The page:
As I mentioned - there are no code changes necessary to use social authentication when using the MSAL with a Xamarin app. Everything just works. (And a part of the reason why it just works is because we are running in a webview during the sign-in/up process, so it's able to retrieve the info on the fly.)
So here's what the various screens look like.
I want to point something out because the webview screen isn't very clear here.
If the user wants to use Twitter and needs to create an account, they should click Twitter.
They do not have to click the Sign up now link to create an account with Twitter logins.
The Twitter Login:
Here the user is presented with a web page from Twitter. It has the name of the app, as was entered on the Twitter Apps site, the company's URL also entered there, and also shows the permissions the app is asking for.
If you have Twitter 2-Factor authentication enabled, you'll get prompted here as well. It's a full sign-in.
Double Make Sure
It's a full sign-in, so Twitter is double making sure you want to give access to the app.
Collect Additional Info
Remember when we defined the Sign-in or Sign-up policy, we also defined some user attributes we wanted the application to collect?
Well, you don't have to remember - cuz I helpfully attached a screenshot for you! :)
So we told Azure AD B2C to collect a Display Name, an Email Address, and a Job Title.
Well, the Display Name is going to come from Twitter (it's going to be the user's handle). So now Azure AD B2C is prompting the user for the other 2 attributes we said we need.
A special note from me to you ... this whole process of using webviews to do sign-ins/sign-ups with a 3rd party identification provider such as Twitter is a bit messy.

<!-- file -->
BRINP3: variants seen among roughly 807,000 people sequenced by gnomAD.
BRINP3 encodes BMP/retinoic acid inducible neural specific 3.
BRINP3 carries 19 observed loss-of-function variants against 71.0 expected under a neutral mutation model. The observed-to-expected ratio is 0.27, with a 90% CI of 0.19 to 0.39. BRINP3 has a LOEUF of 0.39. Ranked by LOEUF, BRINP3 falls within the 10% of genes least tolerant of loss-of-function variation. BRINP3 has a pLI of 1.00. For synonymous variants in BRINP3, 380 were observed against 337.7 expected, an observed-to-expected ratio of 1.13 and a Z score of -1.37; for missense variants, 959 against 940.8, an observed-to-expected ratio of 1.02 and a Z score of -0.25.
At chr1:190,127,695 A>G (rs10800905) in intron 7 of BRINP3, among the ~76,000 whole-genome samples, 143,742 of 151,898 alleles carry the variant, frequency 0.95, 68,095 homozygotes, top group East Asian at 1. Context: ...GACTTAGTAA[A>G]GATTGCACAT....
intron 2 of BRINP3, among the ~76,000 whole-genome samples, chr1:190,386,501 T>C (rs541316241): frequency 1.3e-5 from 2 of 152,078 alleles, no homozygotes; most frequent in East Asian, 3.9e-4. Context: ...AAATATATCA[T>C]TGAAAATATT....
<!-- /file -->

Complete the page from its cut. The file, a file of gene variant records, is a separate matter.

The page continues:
I have it on good word the Azure AD B2C team has it on their radar to clean this up to allow a client-side flow, where the screens are presented by our app.
To help bump that on their priority list, go to UserVoice and enter it.
Now we have all the info and the app allows the user to proceed and download data.
In fact, we can even see that the new user has been added to the backing Active Directory by going back to the main blade of the Tenant and selecting Users and Groups.
Then select All Users...
...and you'll see a full roster of users.
And sure enough @codemillmatt has been added as a user.
Adding in social authentication to our Azure AD B2C application isn't difficult at all. All it involves is creating an application out on the various social networks, and then associating that new social app within the Azure AD B2C portal.
Very soon I will have some video walk throughs of creating authentication on all of the other networks that Azure AD B2C supports.
Then in the next post, we'll take a look at some methods that can be used to "lock down" various API endpoints, so not just anybody who has signed-up can access them.